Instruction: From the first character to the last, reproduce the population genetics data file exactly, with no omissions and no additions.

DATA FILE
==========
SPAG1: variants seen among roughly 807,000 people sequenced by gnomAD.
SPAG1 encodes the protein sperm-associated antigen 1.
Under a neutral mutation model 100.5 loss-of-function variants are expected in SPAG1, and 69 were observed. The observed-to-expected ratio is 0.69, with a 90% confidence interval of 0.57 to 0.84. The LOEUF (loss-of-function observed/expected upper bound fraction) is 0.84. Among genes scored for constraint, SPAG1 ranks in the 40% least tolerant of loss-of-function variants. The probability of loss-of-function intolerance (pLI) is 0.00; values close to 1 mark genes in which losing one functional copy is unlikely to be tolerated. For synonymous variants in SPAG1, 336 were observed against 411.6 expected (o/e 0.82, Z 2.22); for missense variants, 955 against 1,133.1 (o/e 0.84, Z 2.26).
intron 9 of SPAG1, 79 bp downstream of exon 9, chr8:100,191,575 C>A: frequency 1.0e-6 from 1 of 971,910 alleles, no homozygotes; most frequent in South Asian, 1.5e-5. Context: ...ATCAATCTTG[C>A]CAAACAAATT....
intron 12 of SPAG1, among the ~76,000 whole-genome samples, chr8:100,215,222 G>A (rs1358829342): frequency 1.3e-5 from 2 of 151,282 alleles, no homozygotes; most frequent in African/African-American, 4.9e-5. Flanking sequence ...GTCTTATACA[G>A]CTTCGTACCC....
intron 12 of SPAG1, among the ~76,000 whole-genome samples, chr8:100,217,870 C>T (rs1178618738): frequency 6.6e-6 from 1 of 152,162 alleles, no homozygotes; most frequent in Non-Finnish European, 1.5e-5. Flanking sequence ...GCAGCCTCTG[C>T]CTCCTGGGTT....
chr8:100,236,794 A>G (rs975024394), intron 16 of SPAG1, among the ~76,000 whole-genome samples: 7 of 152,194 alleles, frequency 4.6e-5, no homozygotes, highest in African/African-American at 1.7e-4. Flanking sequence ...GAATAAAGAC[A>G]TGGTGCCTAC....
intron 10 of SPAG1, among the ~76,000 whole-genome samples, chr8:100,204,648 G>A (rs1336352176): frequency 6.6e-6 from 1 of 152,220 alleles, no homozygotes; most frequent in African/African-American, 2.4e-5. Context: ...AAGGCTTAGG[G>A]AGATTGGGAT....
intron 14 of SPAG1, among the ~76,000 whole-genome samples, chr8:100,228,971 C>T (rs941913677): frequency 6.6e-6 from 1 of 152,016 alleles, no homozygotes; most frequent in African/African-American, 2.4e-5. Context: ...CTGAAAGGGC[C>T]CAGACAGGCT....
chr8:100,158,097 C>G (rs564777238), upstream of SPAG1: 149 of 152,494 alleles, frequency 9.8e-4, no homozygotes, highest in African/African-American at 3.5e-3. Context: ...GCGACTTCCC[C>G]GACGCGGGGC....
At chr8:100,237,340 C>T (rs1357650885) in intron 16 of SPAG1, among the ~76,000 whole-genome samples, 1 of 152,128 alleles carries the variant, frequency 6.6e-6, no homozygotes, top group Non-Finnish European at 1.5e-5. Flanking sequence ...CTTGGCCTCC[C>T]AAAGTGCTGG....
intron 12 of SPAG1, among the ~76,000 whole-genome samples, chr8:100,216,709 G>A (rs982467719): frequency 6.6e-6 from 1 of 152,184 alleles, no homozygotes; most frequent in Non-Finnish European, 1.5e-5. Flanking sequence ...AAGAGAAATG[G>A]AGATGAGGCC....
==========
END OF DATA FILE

SPAG1: variants seen among roughly 807,000 people sequenced by gnomAD.
SPAG1 encodes the protein sperm-associated antigen 1.
Under a neutral mutation model 100.5 loss-of-function variants are expected in SPAG1, and 69 were observed. The observed-to-expected ratio is 0.69, with a 90% confidence interval of 0.57 to 0.84. The LOEUF (loss-of-function observed/expected upper bound fraction) is 0.84. Among genes scored for constraint, SPAG1 ranks in the 40% least tolerant of loss-of-function variants. The probability of loss-of-function intolerance (pLI) is 0.00; values close to 1 mark genes in which losing one functional copy is unlikely to be tolerated. For synonymous variants in SPAG1, 336 were observed against 411.6 expected (o/e 0.82, Z 2.22); for missense variants, 955 against 1,133.1 (o/e 0.84, Z 2.26).
intron 9 of SPAG1, 79 bp downstream of exon 9, chr8:100,191,575 C>A: frequency 1.0e-6 from 1 of 971,910 alleles, no homozygotes; most frequent in South Asian, 1.5e-5. Context: ...ATCAATCTTG[C>A]CAAACAAATT....
intron 12 of SPAG1, among the ~76,000 whole-genome samples, chr8:100,215,222 G>A (rs1358829342): frequency 1.3e-5 from 2 of 151,282 alleles, no homozygotes; most frequent in African/African-American, 4.9e-5. Flanking sequence ...GTCTTATACA[G>A]CTTCGTACCC....
intron 12 of SPAG1, among the ~76,000 whole-genome samples, chr8:100,217,870 C>T (rs1178618738): frequency 6.6e-6 from 1 of 152,162 alleles, no homozygotes; most frequent in Non-Finnish European, 1.5e-5. Flanking sequence ...GCAGCCTCTG[C>T]CTCCTGGGTT....
chr8:100,236,794 A>G (rs975024394), intron 16 of SPAG1, among the ~76,000 whole-genome samples: 7 of 152,194 alleles, frequency 4.6e-5, no homozygotes, highest in African/African-American at 1.7e-4. Flanking sequence ...GAATAAAGAC[A>G]TGGTGCCTAC....
intron 10 of SPAG1, among the ~76,000 whole-genome samples, chr8:100,204,648 G>A (rs1336352176): frequency 6.6e-6 from 1 of 152,220 alleles, no homozygotes; most frequent in African/African-American, 2.4e-5. Context: ...AAGGCTTAGG[G>A]AGATTGGGAT....
intron 14 of SPAG1, among the ~76,000 whole-genome samples, chr8:100,228,971 C>T (rs941913677): frequency 6.6e-6 from 1 of 152,016 alleles, no homozygotes; most frequent in African/African-American, 2.4e-5. Context: ...CTGAAAGGGC[C>T]CAGACAGGCT....
chr8:100,158,097 C>G (rs564777238), upstream of SPAG1: 149 of 152,494 alleles, frequency 9.8e-4, no homozygotes, highest in African/African-American at 3.5e-3. Context: ...GCGACTTCCC[C>G]GACGCGGGGC....
At chr8:100,237,340 C>T (rs1357650885) in intron 16 of SPAG1, among the ~76,000 whole-genome samples, 1 of 152,128 alleles carries the variant, frequency 6.6e-6, no homozygotes, top group Non-Finnish European at 1.5e-5. Flanking sequence ...CTTGGCCTCC[C>T]AAAGTGCTGG....
intron 12 of SPAG1, among the ~76,000 whole-genome samples, chr8:100,216,709 G>A (rs982467719): frequency 6.6e-6 from 1 of 152,184 alleles, no homozygotes; most frequent in Non-Finnish European, 1.5e-5. Flanking sequence ...AAGAGAAATG[G>A]AGATGAGGCC....